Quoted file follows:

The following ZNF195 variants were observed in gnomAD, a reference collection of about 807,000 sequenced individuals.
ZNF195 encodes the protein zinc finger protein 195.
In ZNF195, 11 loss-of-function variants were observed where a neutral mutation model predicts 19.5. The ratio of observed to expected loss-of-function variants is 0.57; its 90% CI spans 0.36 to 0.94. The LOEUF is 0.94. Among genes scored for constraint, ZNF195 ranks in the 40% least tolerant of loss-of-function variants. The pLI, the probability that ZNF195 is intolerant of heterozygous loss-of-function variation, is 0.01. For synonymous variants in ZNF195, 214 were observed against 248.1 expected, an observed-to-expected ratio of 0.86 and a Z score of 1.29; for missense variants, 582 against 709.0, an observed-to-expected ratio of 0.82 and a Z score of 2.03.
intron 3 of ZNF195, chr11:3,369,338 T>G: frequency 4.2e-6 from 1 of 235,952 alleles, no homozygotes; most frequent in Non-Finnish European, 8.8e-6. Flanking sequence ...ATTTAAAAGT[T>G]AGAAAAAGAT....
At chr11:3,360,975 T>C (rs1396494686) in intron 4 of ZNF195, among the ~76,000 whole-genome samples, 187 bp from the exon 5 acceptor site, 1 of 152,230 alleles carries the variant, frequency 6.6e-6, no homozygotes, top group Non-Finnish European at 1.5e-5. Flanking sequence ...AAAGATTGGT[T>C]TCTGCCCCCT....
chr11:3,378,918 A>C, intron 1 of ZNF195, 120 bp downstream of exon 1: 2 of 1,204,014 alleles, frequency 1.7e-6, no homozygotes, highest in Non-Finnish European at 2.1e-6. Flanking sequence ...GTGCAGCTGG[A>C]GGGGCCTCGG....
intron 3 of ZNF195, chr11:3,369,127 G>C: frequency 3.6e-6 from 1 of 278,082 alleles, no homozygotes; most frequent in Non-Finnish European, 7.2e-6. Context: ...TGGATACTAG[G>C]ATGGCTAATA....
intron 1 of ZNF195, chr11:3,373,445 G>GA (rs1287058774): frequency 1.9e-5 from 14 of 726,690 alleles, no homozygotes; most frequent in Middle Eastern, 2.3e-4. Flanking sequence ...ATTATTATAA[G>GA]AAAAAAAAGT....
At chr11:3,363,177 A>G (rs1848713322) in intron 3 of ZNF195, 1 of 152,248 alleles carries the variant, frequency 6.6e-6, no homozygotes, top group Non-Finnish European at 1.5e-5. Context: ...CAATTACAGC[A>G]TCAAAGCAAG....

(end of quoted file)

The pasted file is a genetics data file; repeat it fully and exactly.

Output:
The following ZNF195 variants were observed in gnomAD, a reference collection of about 807,000 sequenced individuals.
ZNF195 encodes the protein zinc finger protein 195.
In ZNF195, 11 loss-of-function variants were observed where a neutral mutation model predicts 19.5. The ratio of observed to expected loss-of-function variants is 0.57; its 90% CI spans 0.36 to 0.94. The LOEUF is 0.94. Among genes scored for constraint, ZNF195 ranks in the 40% least tolerant of loss-of-function variants. The pLI, the probability that ZNF195 is intolerant of heterozygous loss-of-function variation, is 0.01. For synonymous variants in ZNF195, 214 were observed against 248.1 expected, an observed-to-expected ratio of 0.86 and a Z score of 1.29; for missense variants, 582 against 709.0, an observed-to-expected ratio of 0.82 and a Z score of 2.03.
intron 3 of ZNF195, chr11:3,369,338 T>G: frequency 4.2e-6 from 1 of 235,952 alleles, no homozygotes; most frequent in Non-Finnish European, 8.8e-6. Flanking sequence ...ATTTAAAAGT[T>G]AGAAAAAGAT....
At chr11:3,360,975 T>C (rs1396494686) in intron 4 of ZNF195, among the ~76,000 whole-genome samples, 187 bp from the exon 5 acceptor site, 1 of 152,230 alleles carries the variant, frequency 6.6e-6, no homozygotes, top group Non-Finnish European at 1.5e-5. Flanking sequence ...AAAGATTGGT[T>C]TCTGCCCCCT....
chr11:3,378,918 A>C, intron 1 of ZNF195, 120 bp downstream of exon 1: 2 of 1,204,014 alleles, frequency 1.7e-6, no homozygotes, highest in Non-Finnish European at 2.1e-6. Flanking sequence ...GTGCAGCTGG[A>C]GGGGCCTCGG....
intron 3 of ZNF195, chr11:3,369,127 G>C: frequency 3.6e-6 from 1 of 278,082 alleles, no homozygotes; most frequent in Non-Finnish European, 7.2e-6. Context: ...TGGATACTAG[G>C]ATGGCTAATA....
intron 1 of ZNF195, chr11:3,373,445 G>GA (rs1287058774): frequency 1.9e-5 from 14 of 726,690 alleles, no homozygotes; most frequent in Middle Eastern, 2.3e-4. Flanking sequence ...ATTATTATAA[G>GA]AAAAAAAAGT....
At chr11:3,363,177 A>G (rs1848713322) in intron 3 of ZNF195, 1 of 152,248 alleles carries the variant, frequency 6.6e-6, no homozygotes, top group Non-Finnish European at 1.5e-5. Context: ...CAATTACAGC[A>G]TCAAAGCAAG....